“(1) Promptly notify and update governmental entities within the local health officer’s jurisdiction about communicable diseases listed in Section 2500 of Title 17 of the California Code of Regulations that may affect them, if, in the opinion of the local health officer, action or inaction on the part of the governmental entity might affect outbreak response efforts.”
(2) Make any relevant information available to governmental entities, including, but not limited to, the locations of concentrations of cases, the number of residents affected, and the measures that the governmental entities should take to assist with outbreak response efforts.”
I do not see any problem with this. Disseminating information about communicable diseases is not a bad thing (in and of itself).
Here is the second thing:
“(b) In addition to the actions required under subdivision (a), the local health officer may issue orders to other governmental entities within the local health officer’s jurisdiction to take any action the local health officer deems necessary to control the spread of the communicable disease.”
I read this part as saying that the local public health department runs the show in terms of a local health response to a public health crisis based on a communicable disease.
Isn’t the language that the local health official can “take any action” *** [he/she] deems necessary to control the spread of the communicable disease” horrible?
I don’t think so. I read this in the context of the public health laws which set out the responses and powers of the public health departments during public health crises. So again, I do not see this bill as expanding the powers of the public health department over the public. Rather, it sets out the chain of command, and puts the public health official as the decision maker over all other local officials.
All of you are understandably focused on vaccines and what public health officials can do to your unvaccinated children. However, the public health department’s mandate is much broader than that and includes protecting the public from non-vaccinatable fatal human disease like anthrax and Ebola which actually could create a public health crisis. Regardless of how much personal freedom you might think you are entitled to, no one has the right to be the next Typhoid Mary, and spread a fatal communicable disease, and no court will ever create/uphold such a right. Admittedly, that begs the question about what could happen in a measles epidemic, like the recent one in New York.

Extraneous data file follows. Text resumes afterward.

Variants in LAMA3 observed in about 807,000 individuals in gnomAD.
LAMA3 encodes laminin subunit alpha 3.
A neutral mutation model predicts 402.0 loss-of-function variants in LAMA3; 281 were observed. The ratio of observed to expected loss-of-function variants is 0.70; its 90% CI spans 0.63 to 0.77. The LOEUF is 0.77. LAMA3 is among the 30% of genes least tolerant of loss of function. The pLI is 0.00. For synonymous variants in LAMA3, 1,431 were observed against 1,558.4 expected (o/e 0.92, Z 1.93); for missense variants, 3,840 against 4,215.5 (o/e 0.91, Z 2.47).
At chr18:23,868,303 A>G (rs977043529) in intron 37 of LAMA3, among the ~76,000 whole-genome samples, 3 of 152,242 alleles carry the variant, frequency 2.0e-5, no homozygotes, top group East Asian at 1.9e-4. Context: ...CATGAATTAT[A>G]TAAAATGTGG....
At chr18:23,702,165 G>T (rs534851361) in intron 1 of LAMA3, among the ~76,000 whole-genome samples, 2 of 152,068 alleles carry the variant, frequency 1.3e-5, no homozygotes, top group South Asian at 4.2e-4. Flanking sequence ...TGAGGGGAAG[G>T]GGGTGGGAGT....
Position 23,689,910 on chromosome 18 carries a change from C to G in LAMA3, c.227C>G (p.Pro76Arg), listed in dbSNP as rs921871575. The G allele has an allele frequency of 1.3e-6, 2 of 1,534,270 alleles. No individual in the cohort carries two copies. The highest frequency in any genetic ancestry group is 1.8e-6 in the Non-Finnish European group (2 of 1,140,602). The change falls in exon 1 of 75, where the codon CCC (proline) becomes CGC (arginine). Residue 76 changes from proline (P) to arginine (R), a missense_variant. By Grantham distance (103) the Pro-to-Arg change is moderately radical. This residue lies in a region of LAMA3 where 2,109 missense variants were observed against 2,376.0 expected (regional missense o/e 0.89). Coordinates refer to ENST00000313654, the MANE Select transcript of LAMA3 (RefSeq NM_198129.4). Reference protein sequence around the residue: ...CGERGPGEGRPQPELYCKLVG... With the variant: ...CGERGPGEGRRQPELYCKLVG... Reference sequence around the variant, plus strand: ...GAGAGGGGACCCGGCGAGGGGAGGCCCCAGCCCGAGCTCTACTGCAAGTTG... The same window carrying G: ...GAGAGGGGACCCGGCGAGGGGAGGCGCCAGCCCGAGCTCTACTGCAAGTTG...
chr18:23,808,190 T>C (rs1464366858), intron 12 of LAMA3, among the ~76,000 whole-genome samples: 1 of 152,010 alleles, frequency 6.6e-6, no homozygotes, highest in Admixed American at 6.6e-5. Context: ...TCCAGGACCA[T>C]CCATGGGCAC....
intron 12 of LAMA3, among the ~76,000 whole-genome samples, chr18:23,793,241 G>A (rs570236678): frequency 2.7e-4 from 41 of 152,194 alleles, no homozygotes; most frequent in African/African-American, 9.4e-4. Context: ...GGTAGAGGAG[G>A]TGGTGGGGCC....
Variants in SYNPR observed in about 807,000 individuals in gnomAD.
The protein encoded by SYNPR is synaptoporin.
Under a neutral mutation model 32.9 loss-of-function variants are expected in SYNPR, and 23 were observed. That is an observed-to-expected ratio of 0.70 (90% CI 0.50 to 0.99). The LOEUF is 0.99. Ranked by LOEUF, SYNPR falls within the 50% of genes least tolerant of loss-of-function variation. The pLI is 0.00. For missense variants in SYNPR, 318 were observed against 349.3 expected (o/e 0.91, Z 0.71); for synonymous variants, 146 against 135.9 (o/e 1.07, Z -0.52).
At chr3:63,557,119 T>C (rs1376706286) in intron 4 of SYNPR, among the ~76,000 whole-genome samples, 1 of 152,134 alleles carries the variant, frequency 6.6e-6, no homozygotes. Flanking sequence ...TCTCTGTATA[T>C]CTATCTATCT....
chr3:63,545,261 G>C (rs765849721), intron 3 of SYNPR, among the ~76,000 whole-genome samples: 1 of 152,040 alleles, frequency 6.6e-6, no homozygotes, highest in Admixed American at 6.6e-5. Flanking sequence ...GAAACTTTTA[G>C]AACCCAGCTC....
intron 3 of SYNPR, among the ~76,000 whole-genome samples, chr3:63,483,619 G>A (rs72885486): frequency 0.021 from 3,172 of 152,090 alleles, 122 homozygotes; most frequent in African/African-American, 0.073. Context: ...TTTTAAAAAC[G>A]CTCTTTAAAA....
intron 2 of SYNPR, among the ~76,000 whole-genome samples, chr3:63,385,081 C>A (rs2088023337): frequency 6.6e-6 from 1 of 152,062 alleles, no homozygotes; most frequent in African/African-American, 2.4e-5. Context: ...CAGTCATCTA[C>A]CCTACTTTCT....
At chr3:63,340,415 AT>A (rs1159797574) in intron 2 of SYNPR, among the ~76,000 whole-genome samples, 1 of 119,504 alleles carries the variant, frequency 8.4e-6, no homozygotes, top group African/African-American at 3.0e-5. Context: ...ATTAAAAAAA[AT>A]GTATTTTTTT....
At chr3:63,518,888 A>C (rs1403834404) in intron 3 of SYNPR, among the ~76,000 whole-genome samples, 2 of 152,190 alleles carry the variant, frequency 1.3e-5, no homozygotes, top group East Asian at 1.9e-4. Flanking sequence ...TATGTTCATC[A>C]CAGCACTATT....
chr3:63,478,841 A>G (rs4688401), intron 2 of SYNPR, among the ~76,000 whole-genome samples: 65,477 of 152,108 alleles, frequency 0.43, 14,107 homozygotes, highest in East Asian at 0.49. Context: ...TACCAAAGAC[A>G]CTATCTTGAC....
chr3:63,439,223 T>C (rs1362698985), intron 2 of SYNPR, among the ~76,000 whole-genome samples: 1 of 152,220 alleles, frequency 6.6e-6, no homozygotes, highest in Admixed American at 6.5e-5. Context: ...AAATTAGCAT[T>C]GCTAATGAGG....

Under what conditions can the public health department issue public health orders to local officials?
The somewhat vague answer is in the beginning of the new law:
“(a) During an outbreak of a communicable disease, or upon the imminent and proximate threat of a communicable disease outbreak or epidemic that threatens the public’s health, a local health officer shall do both of the following:” [the two provisions are discussed above]
Obviously, the concern is what is an imminent and proximate threat of a communicable disease outbreak or epidemic.” How many cases? That’s a good question, but I don’t know the answer.
What about your pets?
Some public health crises involve animals, especially those in the food supply, and the public health departments have the authority to issue orders relating thereto. However, I don’t see the public health department going after your dog or cat in a measles outbreak.
The Big Question: What can the local public health department do to you under AB 262 if there is a measles “public health crisis”?
My answer: the same thing it could do to you under the old law, (except that the new law clarifies the chain of command), so no sense worrying about the new law.
Rick Jaffe, Esq.